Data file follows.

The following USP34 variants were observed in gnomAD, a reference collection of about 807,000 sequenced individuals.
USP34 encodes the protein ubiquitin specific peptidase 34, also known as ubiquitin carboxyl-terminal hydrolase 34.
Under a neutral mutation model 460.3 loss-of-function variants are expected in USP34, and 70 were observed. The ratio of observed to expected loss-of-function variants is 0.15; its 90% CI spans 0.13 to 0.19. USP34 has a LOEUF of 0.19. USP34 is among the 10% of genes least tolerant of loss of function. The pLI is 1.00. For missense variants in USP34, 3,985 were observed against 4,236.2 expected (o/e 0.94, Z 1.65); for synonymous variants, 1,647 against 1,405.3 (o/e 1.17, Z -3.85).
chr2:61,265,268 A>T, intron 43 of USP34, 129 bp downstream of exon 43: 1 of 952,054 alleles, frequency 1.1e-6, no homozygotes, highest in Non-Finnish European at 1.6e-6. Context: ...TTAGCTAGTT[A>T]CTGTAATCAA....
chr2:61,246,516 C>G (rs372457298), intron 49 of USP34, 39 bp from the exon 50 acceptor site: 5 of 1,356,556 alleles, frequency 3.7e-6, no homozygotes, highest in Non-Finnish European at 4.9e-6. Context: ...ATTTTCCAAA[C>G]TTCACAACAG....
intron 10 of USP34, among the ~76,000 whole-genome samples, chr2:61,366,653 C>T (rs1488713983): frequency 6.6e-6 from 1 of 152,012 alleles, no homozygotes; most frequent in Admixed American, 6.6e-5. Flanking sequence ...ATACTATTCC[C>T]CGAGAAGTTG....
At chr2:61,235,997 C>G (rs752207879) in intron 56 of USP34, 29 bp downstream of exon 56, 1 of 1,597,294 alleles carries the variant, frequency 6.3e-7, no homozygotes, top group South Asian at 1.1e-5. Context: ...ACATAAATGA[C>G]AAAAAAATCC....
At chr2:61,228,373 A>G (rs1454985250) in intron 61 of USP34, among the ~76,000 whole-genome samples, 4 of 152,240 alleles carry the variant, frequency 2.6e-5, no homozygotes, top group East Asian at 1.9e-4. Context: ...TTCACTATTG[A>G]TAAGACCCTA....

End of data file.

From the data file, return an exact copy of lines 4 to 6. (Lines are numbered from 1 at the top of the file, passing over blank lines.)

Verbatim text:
chr2:61,265,268 A>T, intron 43 of USP34, 129 bp downstream of exon 43: 1 of 952,054 alleles, frequency 1.1e-6, no homozygotes, highest in Non-Finnish European at 1.6e-6. Context: ...TTAGCTAGTT[A>T]CTGTAATCAA....
chr2:61,246,516 C>G (rs372457298), intron 49 of USP34, 39 bp from the exon 50 acceptor site: 5 of 1,356,556 alleles, frequency 3.7e-6, no homozygotes, highest in Non-Finnish European at 4.9e-6. Context: ...ATTTTCCAAA[C>G]TTCACAACAG....
intron 10 of USP34, among the ~76,000 whole-genome samples, chr2:61,366,653 C>T (rs1488713983): frequency 6.6e-6 from 1 of 152,012 alleles, no homozygotes; most frequent in Admixed American, 6.6e-5. Flanking sequence ...ATACTATTCC[C>T]CGAGAAGTTG....